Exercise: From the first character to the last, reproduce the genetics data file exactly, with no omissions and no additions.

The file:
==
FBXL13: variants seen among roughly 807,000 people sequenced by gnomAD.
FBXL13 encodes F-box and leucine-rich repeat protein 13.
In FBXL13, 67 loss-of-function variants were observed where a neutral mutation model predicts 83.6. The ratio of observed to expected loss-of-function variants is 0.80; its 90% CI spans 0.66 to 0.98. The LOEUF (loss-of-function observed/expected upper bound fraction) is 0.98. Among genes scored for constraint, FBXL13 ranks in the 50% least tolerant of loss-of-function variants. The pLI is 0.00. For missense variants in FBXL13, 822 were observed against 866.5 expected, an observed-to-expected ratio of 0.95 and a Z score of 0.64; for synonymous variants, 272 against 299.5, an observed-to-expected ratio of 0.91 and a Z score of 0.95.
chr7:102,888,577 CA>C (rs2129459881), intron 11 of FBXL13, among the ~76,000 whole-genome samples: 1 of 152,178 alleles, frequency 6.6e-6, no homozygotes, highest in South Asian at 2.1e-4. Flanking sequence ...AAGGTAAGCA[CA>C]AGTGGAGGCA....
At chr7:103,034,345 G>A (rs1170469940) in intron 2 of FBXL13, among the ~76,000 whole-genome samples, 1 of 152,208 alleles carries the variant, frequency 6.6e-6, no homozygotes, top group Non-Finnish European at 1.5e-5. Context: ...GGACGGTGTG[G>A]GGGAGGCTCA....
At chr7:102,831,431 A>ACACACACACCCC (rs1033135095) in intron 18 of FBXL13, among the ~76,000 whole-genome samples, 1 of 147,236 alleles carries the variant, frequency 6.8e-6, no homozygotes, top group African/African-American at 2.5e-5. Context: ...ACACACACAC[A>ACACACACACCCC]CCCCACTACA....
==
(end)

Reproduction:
FBXL13: variants seen among roughly 807,000 people sequenced by gnomAD.
FBXL13 encodes F-box and leucine-rich repeat protein 13.
In FBXL13, 67 loss-of-function variants were observed where a neutral mutation model predicts 83.6. The ratio of observed to expected loss-of-function variants is 0.80; its 90% CI spans 0.66 to 0.98. The LOEUF (loss-of-function observed/expected upper bound fraction) is 0.98. Among genes scored for constraint, FBXL13 ranks in the 50% least tolerant of loss-of-function variants. The pLI is 0.00. For missense variants in FBXL13, 822 were observed against 866.5 expected, an observed-to-expected ratio of 0.95 and a Z score of 0.64; for synonymous variants, 272 against 299.5, an observed-to-expected ratio of 0.91 and a Z score of 0.95.
chr7:102,888,577 CA>C (rs2129459881), intron 11 of FBXL13, among the ~76,000 whole-genome samples: 1 of 152,178 alleles, frequency 6.6e-6, no homozygotes, highest in South Asian at 2.1e-4. Flanking sequence ...AAGGTAAGCA[CA>C]AGTGGAGGCA....
At chr7:103,034,345 G>A (rs1170469940) in intron 2 of FBXL13, among the ~76,000 whole-genome samples, 1 of 152,208 alleles carries the variant, frequency 6.6e-6, no homozygotes, top group Non-Finnish European at 1.5e-5. Context: ...GGACGGTGTG[G>A]GGGAGGCTCA....
At chr7:102,831,431 A>ACACACACACCCC (rs1033135095) in intron 18 of FBXL13, among the ~76,000 whole-genome samples, 1 of 147,236 alleles carries the variant, frequency 6.8e-6, no homozygotes, top group African/African-American at 2.5e-5. Context: ...ACACACACAC[A>ACACACACACCCC]CCCCACTACA....